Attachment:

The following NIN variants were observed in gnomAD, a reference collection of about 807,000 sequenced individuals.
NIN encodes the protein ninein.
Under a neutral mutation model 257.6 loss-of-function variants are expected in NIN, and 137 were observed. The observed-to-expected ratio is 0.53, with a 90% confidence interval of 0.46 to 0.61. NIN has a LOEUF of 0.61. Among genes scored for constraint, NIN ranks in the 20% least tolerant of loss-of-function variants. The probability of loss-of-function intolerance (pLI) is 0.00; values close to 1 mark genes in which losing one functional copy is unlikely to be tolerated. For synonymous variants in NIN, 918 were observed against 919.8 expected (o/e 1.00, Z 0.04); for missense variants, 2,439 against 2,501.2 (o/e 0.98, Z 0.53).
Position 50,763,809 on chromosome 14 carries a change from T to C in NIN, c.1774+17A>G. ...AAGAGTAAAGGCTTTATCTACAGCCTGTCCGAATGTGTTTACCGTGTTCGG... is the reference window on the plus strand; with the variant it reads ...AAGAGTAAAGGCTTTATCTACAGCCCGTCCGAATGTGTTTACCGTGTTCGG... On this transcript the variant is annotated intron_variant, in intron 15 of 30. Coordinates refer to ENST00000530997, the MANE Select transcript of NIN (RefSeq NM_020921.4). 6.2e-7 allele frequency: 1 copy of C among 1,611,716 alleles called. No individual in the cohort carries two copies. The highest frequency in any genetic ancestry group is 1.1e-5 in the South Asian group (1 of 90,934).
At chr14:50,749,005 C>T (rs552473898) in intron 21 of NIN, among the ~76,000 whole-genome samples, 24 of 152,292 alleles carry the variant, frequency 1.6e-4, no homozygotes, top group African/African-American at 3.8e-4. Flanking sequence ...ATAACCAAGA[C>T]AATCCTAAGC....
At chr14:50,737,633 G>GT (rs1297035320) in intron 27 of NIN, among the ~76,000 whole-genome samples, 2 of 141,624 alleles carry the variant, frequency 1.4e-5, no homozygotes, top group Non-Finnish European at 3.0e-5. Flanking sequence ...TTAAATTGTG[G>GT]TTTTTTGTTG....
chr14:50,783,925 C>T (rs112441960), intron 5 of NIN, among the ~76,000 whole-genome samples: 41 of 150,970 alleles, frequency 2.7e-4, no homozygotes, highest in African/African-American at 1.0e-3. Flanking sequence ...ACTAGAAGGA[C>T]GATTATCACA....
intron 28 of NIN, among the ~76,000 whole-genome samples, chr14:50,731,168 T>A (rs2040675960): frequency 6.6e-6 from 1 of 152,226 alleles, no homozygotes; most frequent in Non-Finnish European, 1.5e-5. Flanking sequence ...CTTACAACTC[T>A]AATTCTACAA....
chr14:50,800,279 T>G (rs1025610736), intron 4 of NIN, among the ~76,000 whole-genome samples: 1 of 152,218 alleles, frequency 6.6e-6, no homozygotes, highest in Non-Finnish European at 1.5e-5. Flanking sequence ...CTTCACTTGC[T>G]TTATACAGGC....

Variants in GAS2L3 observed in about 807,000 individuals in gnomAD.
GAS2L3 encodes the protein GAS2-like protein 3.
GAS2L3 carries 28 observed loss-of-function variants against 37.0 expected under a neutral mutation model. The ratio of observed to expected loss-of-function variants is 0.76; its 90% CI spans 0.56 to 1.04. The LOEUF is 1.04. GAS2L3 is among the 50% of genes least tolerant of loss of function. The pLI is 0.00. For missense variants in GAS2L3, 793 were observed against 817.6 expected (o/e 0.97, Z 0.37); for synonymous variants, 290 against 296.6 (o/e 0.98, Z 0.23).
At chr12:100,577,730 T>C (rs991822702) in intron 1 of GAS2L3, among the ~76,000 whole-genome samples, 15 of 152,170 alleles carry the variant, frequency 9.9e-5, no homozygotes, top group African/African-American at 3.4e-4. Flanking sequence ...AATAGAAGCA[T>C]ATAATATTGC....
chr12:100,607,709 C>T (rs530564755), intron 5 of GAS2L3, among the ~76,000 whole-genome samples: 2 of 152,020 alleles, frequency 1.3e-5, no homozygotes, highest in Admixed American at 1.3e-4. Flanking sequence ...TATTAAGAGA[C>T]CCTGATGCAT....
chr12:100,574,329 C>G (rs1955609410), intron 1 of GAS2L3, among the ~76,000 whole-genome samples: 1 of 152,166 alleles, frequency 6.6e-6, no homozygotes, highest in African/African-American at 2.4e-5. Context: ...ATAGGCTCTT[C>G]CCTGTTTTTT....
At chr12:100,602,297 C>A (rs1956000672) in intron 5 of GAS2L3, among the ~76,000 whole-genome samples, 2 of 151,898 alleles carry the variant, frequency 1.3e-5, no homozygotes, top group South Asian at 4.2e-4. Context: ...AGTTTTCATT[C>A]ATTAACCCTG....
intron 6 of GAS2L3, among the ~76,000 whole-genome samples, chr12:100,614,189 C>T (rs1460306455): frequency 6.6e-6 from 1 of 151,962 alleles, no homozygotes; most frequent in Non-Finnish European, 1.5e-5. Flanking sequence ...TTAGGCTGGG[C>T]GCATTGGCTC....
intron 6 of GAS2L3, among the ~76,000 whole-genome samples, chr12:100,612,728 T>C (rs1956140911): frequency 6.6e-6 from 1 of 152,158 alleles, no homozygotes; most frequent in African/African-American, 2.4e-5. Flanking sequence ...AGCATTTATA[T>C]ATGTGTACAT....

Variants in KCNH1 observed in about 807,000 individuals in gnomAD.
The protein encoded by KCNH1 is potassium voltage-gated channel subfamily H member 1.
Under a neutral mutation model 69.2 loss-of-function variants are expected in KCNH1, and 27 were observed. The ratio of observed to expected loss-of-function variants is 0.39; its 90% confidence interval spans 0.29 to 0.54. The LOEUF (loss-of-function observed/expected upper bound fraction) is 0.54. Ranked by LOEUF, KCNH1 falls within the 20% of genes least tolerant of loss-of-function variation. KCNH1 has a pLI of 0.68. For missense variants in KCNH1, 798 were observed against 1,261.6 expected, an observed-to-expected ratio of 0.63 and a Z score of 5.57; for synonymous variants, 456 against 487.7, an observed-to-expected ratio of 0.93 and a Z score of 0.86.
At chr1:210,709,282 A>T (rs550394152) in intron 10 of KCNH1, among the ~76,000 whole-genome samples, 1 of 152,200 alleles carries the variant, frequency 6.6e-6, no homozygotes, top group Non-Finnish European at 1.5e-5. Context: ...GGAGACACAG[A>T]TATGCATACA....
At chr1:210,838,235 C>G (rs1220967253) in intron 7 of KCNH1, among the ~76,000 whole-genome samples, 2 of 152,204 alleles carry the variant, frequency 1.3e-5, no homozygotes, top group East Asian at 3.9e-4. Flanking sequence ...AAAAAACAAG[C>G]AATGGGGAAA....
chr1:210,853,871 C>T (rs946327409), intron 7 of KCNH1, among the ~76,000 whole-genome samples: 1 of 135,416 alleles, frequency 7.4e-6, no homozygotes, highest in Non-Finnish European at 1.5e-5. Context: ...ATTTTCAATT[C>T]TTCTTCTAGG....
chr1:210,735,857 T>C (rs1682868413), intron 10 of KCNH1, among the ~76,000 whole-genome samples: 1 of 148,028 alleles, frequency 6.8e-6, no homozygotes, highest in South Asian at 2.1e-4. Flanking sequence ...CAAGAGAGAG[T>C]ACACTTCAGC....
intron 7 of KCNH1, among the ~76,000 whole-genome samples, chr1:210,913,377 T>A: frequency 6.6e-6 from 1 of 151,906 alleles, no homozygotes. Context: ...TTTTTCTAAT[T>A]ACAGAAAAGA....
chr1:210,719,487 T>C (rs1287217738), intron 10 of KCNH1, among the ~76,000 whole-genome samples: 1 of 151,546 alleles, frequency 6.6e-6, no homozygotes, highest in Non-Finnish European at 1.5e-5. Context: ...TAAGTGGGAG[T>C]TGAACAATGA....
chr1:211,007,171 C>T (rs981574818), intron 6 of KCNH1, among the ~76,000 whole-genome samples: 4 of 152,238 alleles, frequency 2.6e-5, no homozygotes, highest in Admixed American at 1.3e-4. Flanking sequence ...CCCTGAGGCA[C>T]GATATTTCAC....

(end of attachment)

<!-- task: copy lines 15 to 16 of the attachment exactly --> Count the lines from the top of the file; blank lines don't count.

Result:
chr12:100,574,329 C>G (rs1955609410), intron 1 of GAS2L3, among the ~76,000 whole-genome samples: 1 of 152,166 alleles, frequency 6.6e-6, no homozygotes, highest in African/African-American at 2.4e-5. Context: ...ATAGGCTCTT[C>G]CCTGTTTTTT....
At chr12:100,602,297 C>A (rs1956000672) in intron 5 of GAS2L3, among the ~76,000 whole-genome samples, 2 of 151,898 alleles carry the variant, frequency 1.3e-5, no homozygotes, top group South Asian at 4.2e-4. Context: ...AGTTTTCATT[C>A]ATTAACCCTG....